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Using technology for MAKing decisions in Test cricket

Monday, December 29, 2014
Science and Society

The ongoing cricket series between India and Australia has raised questions about the decisions made by the on-field umpires. India feels that they have been hard-done by them. If that is the case and indeed the evidence does point in that direction, then they have no one to blame but themselves, inclusive of their Board. 

They are the ones, the only cricket Board to boot, who have refused to accept the use of the UDRS/DRS in their Test match games. They postulate that the technology is not 100 per cent accurate. But by their own recent statements, neither are the umpires. It would appear then, that their position on the DRS technology is neither logical nor consistent.

Technology is used to assist in decisions/reviews in many sports including basketball, tennis, soccer/football, rugby, baseball and of course, cricket. Because of the amount of money and prestige involved, the decisions made by on-field officials in real time, need to be supported by off-field officials who can review the events, recorded by technology, to give a more accurate outcome. The intent then, is not to replace on-field decision-making officials, but rather to augment their decision-making abilities.

Cricket is a very complex game and, in the case of Test cricket, an exceedingly long-lasting game, comprising of a series of very short and fast bursts of actions. It thus requires umpires to be vigilant for at least six hours a day for up to five days. Even the best can and will make mistakes. So, by the very nature of the game, on-field decisions can never be consistently one hundred per cent correct. The DRS technology was introduced to reduce the levels of inconsistency. 

There are three basic technology components that are used in cricket, in addition to the cameras placed in line with both the batting creases and wickets. They are the ball-tracking technology, the hot spot, which uses infrared cameras and the snickometer, which is a directional microphone. The snickometer and hotspot technologies are complementary and are probably the most accurate in that they are really sensors.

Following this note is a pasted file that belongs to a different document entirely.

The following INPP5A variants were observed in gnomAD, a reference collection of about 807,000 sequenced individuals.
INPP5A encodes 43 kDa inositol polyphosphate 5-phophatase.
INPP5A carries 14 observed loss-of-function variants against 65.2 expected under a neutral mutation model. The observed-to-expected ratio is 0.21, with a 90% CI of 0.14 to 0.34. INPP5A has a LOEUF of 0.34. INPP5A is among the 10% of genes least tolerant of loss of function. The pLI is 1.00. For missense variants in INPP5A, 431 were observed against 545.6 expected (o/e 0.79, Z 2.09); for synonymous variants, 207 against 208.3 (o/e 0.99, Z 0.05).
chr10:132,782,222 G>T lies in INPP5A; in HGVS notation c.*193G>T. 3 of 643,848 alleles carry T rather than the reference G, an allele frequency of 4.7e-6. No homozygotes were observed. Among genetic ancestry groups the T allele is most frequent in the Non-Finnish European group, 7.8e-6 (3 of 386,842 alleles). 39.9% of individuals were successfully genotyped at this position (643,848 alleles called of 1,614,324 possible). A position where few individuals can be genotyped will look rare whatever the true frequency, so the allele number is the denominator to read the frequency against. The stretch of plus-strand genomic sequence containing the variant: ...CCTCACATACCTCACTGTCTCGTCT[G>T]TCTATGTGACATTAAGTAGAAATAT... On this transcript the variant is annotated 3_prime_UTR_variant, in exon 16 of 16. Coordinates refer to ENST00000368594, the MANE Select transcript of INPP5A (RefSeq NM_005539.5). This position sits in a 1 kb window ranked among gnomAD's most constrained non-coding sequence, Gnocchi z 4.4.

The ball-tracking technology, which is used to determine if the ball pitched in line with the stumps and will in fact would impact the stumps if it did not hit the batsman, depends heavily on software calculations which requires physical parameters and thus gives a projected ball trajectory. 

This may be the technology that cannot be described as consistently one hundred per cent accurate. In fact this is being reviewed and no doubt will improve as models are refined and more data becomes available. One may therefore understand if there is some reluctance to use this as both the output of this technology and that of umpires are in fact opinions.

On the other hand the hot spot and snickometer technologies give evidence of the interaction between the ball and another object or objects. Their outputs, used together with that of the in-line cameras are thus less subjective than that of ball-tracking technology and the probability of determining exactly what the ball impacted is one hundred per cent or exceedingly close to one hundred per cent. In other words, it is as near to fool-proof as is possible. 

The reluctance to use the hot spot and snickometer is therefore baffling; as accurately and consistently determining whether the ball struck the bat is virtually impossible for umpires, as the data reveals. The technology review system can easily correct this deficiency. Interestingly, the decisions that hurt the chances of the Indian team would not have occurred under a DRS system, as the hot spot and snickometer technologies would have revealed that the batsmen were not out.      

It is time for India to come on board.


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